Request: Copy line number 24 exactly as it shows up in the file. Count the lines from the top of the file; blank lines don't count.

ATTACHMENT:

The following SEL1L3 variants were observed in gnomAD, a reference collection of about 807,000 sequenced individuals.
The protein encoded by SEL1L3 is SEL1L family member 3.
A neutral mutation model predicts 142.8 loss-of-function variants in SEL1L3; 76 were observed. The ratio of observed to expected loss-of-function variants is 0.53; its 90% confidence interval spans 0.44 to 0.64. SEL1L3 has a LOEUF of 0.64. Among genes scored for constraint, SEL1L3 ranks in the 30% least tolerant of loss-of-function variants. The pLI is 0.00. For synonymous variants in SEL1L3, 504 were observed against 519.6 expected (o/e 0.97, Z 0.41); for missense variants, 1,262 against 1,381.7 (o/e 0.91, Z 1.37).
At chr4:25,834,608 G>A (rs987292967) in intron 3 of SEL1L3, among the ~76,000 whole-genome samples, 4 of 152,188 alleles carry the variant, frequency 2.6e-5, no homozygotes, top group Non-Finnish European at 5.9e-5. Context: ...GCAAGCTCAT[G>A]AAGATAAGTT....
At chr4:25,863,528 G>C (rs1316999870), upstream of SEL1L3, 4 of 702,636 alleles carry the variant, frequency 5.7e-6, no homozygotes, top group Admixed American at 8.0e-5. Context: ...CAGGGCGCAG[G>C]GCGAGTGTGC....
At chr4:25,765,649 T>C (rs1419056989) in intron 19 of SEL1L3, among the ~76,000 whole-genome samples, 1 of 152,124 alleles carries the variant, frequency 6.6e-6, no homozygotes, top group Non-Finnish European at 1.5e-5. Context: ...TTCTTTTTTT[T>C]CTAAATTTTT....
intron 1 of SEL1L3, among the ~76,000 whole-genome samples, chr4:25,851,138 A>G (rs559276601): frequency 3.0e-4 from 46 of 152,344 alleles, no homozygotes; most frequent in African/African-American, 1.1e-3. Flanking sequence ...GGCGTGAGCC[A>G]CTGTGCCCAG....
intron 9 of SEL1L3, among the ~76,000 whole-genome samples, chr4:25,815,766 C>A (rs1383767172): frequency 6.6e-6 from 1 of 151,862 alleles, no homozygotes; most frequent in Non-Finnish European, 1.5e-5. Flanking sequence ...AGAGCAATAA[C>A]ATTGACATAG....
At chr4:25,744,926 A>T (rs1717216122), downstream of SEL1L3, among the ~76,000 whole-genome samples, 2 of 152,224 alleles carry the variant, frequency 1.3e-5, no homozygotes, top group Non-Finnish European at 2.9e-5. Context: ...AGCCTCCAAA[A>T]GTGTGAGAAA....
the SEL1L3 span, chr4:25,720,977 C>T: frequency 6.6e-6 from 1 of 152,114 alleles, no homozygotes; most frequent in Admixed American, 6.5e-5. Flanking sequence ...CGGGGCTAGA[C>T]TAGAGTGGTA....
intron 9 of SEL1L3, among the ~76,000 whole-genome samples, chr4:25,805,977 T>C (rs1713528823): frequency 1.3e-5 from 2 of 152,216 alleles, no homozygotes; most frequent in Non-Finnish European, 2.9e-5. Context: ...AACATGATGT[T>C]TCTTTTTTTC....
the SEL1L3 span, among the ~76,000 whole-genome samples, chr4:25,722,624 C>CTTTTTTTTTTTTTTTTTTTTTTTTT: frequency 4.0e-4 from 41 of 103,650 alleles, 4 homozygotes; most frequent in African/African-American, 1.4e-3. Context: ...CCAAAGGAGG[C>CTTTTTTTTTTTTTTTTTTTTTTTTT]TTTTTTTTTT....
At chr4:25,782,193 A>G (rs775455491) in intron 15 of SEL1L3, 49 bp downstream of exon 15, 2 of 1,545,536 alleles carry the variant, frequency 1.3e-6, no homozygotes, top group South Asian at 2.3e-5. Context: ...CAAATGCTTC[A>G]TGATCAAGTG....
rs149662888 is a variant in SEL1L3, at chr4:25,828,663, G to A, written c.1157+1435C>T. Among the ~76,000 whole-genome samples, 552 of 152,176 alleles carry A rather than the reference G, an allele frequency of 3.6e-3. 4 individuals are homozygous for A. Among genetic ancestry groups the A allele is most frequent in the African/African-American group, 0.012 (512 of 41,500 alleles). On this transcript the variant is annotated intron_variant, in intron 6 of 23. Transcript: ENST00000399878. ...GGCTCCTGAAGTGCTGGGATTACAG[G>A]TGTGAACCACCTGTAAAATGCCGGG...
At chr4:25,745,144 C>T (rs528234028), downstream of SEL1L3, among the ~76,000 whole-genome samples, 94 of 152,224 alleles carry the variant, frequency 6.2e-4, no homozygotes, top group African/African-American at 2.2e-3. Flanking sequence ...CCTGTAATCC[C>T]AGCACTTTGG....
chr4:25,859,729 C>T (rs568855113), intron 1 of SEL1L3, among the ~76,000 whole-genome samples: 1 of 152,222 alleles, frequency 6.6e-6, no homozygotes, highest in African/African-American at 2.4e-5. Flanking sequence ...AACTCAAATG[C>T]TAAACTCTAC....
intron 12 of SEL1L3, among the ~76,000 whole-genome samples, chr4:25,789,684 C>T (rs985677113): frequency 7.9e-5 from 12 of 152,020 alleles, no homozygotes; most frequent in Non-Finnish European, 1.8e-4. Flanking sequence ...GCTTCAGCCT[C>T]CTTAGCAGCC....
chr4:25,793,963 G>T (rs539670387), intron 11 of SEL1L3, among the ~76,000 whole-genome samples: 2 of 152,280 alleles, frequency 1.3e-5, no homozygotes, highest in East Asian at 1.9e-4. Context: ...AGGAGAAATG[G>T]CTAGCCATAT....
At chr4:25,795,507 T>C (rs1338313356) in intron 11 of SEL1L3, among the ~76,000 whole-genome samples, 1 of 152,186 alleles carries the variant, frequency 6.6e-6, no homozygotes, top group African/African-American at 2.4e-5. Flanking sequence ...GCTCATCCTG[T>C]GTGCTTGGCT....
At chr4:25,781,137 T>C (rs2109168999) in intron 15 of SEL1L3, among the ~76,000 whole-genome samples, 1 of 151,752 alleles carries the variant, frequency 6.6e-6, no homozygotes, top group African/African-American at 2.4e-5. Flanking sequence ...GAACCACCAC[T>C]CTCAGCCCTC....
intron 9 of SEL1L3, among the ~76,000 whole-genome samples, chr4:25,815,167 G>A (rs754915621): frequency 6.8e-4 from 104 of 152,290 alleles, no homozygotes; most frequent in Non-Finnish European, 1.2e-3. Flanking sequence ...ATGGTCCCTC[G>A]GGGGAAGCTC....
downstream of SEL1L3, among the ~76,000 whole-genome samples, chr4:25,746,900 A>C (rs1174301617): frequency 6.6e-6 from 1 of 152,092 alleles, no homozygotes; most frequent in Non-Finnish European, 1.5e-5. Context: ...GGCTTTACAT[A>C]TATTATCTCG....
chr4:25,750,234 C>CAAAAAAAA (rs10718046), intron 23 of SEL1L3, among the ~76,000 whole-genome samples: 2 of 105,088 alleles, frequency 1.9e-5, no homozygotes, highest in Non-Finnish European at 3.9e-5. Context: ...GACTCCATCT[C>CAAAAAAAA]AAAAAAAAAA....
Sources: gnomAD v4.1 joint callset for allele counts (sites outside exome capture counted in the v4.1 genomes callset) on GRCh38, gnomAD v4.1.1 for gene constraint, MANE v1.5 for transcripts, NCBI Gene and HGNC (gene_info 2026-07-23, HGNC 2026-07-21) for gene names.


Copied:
Sources: gnomAD v4.1 joint callset for allele counts (sites outside exome capture counted in the v4.1 genomes callset) on GRCh38, gnomAD v4.1.1 for gene constraint, MANE v1.5 for transcripts, NCBI Gene and HGNC (gene_info 2026-07-23, HGNC 2026-07-21) for gene names.